On October 2, 2012, we acquired all of the outstanding shares of capital stock of Servigistics, Inc. (a privately held developer of a suite of service lifecycle management (SLM) software solutions) for $220.8 million in cash, net of $1.4 million cash acquired. We acquired Servigistics to expand our products that support service organizations within manufacturing companies, including managing service and spare parts information and the delivery of service for warranty and product support processes. Servigistics had annualized revenues of approximately $80.0 million and approximately 400 employees. The acquisition of Servigistics has been accounted for as a business combination. Assets acquired and liabilities assumed have been recorded at their estimated fair values as of the October 2, 2012 acquisition date. The fair values of intangible assets were based on valuations using an income approach, with estimates and assumptions provided by management of Servigistics and PTC. The process for estimating the fair values of identifiable intangible assets and certain tangible assets requires the use of significant estimates and assumptions, including estimating future cash flows and developing appropriate discount rates. The excess of the purchase price over the tangible assets, identifiable intangible assets and assumed liabilities was recorded as goodwill.
In the fourth quarter of 2014, we acquired all of the outstanding shares of capital stock of Axeda (a privately-held U.S.-based company) and Atego Group Limited (a privately-held company with operations in the U.K., the U.S. and France) for a total of $212.0 million, net of 13.1 million of cash acquired. The acquisitions resulted in goodwill of $157.7 million, intangible assets of $86.9 million and deferred tax liabilities related to the intangible assets of $12.6 million. Our results of operations prior to these acquisitions, if presented on a proforma basis, would not differ materially from our reported results.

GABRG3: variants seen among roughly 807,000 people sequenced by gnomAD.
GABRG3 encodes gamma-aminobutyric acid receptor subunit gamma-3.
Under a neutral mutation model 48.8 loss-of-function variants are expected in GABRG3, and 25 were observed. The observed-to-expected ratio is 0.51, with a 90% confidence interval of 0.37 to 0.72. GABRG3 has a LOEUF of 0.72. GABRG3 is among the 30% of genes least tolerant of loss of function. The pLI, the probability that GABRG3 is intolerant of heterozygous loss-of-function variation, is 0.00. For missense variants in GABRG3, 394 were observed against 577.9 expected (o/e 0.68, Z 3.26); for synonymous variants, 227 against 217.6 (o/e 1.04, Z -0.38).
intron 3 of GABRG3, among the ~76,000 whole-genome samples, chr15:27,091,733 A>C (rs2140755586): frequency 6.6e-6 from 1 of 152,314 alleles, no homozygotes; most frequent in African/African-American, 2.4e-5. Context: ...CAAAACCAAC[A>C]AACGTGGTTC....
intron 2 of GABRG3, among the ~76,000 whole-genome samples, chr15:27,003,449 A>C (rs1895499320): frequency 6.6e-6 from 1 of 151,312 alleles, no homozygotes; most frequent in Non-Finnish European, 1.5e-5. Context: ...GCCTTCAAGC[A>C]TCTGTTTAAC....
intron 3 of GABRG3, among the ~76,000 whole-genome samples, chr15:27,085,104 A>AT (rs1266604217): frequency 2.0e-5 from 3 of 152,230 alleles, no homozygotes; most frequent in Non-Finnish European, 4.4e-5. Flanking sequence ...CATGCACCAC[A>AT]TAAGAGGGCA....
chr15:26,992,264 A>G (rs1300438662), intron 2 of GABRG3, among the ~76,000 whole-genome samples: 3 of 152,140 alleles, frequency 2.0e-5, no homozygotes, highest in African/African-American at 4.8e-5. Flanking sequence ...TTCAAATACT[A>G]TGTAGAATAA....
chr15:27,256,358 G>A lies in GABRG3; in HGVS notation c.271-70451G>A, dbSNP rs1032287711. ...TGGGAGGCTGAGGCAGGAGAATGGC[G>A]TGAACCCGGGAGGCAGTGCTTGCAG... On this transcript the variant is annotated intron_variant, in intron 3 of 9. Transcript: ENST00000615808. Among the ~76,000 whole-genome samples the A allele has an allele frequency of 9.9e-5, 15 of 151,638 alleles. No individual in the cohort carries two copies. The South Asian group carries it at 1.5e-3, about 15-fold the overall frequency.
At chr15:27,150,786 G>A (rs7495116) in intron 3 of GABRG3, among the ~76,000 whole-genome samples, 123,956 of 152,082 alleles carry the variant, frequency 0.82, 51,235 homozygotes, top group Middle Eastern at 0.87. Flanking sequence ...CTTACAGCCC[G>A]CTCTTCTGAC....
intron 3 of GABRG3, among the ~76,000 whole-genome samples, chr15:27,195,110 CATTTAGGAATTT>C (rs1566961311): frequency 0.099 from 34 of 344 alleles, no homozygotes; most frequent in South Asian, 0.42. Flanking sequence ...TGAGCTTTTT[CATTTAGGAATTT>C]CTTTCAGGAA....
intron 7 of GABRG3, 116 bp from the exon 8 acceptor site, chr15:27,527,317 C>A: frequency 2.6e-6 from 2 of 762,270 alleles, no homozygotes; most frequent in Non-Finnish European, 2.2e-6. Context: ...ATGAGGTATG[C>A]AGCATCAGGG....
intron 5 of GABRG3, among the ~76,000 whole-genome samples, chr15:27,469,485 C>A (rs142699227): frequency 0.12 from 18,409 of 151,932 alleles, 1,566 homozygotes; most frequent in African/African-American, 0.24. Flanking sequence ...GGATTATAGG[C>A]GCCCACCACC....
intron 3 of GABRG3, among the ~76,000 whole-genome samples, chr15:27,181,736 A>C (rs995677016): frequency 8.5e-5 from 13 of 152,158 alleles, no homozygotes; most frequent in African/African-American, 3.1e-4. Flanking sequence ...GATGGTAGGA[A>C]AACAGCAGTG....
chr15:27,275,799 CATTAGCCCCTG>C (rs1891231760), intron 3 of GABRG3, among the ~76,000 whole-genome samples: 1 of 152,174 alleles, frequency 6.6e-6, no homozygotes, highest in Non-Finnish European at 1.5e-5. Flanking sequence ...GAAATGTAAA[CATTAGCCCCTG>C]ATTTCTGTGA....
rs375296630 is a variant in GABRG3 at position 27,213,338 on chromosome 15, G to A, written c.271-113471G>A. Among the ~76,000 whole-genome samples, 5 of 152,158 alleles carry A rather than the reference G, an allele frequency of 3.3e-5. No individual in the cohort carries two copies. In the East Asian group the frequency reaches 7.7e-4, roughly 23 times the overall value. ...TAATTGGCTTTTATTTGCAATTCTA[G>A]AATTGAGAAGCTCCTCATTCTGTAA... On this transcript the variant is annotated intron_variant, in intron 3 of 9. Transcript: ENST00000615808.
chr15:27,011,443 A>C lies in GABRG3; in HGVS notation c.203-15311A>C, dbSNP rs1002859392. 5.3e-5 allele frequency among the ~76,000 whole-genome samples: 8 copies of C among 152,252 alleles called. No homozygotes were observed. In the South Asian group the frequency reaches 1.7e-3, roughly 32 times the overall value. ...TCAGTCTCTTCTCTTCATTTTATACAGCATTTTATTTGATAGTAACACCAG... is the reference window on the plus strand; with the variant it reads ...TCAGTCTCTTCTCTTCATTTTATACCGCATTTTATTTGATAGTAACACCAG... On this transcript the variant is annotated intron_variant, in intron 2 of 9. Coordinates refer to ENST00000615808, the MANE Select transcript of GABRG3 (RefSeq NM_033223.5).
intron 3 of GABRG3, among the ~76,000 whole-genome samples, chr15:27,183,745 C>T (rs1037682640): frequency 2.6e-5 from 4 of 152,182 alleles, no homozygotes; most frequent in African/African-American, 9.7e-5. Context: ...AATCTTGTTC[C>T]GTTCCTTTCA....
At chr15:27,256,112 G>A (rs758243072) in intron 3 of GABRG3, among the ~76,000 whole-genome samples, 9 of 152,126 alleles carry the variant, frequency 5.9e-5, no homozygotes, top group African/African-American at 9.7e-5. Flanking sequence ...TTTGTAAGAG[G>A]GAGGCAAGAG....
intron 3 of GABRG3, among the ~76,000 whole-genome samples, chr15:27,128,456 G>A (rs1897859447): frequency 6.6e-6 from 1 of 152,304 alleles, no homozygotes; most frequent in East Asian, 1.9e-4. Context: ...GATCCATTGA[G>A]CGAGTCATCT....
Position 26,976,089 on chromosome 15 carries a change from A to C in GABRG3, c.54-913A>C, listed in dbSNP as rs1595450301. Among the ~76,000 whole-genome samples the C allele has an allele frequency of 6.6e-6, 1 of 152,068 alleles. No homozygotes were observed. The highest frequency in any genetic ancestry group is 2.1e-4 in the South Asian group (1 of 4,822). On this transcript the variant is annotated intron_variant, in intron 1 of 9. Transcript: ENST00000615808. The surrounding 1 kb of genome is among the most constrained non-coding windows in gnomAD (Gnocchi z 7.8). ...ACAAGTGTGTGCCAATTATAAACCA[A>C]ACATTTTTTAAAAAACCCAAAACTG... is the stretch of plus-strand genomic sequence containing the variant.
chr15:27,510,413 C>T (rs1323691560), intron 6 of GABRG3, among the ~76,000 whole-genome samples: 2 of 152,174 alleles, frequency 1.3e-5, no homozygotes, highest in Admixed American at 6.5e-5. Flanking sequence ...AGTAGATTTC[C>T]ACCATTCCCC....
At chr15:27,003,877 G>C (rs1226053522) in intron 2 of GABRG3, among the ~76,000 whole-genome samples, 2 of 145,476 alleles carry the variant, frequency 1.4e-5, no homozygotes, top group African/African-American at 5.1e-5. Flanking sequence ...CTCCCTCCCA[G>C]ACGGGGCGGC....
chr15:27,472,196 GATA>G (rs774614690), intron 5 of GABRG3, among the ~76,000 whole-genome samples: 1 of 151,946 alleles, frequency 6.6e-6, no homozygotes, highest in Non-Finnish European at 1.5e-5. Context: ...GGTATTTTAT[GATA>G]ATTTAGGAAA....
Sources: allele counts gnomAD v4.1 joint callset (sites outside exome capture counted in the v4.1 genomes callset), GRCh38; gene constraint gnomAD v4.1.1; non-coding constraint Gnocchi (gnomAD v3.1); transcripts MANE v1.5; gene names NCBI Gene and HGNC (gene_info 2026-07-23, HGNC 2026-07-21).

In the second quarter of 2014, we acquired ThingWorx, Inc. for $111.5 million (net of cash acquired of $0.1 million). The former shareholders of ThingWorx are eligible to receive additional consideration (the earn-out) of up to $18.0 million if certain profitability and bookings targets are achieved within two years of the acquisition from December 30, 2013 to January 1, 2016. The earn-out is payable in cash in two installments after each measurement period. In connection with accounting for the business combination, we recorded a liability representing the fair value of the contingent consideration. The liability was valued using a discounted cash flow method and a probability weighted estimate of achievement the financial targets. We assess the probability that the targets will be met each reporting period. Any subsequent changes in the estimated fair value of the liability are reflected in earnings until the liability is fully settled.
On May 7, 2015, we acquired all of the ownership interest of ColdLight Solutions, LLC, a company that offered solutions for data machine learning and predictive analytics, for approximately $98.6 million in cash (net of cash acquired of $1.3 million). The acquisition of the ColdLight automated predictive analytics platform will expand our technology portfolio in the Internet of Things (IoT) market. At the time of the acquisition, ColdLight had approximately 60 employees and annualized revenues which were immaterial to our financial results.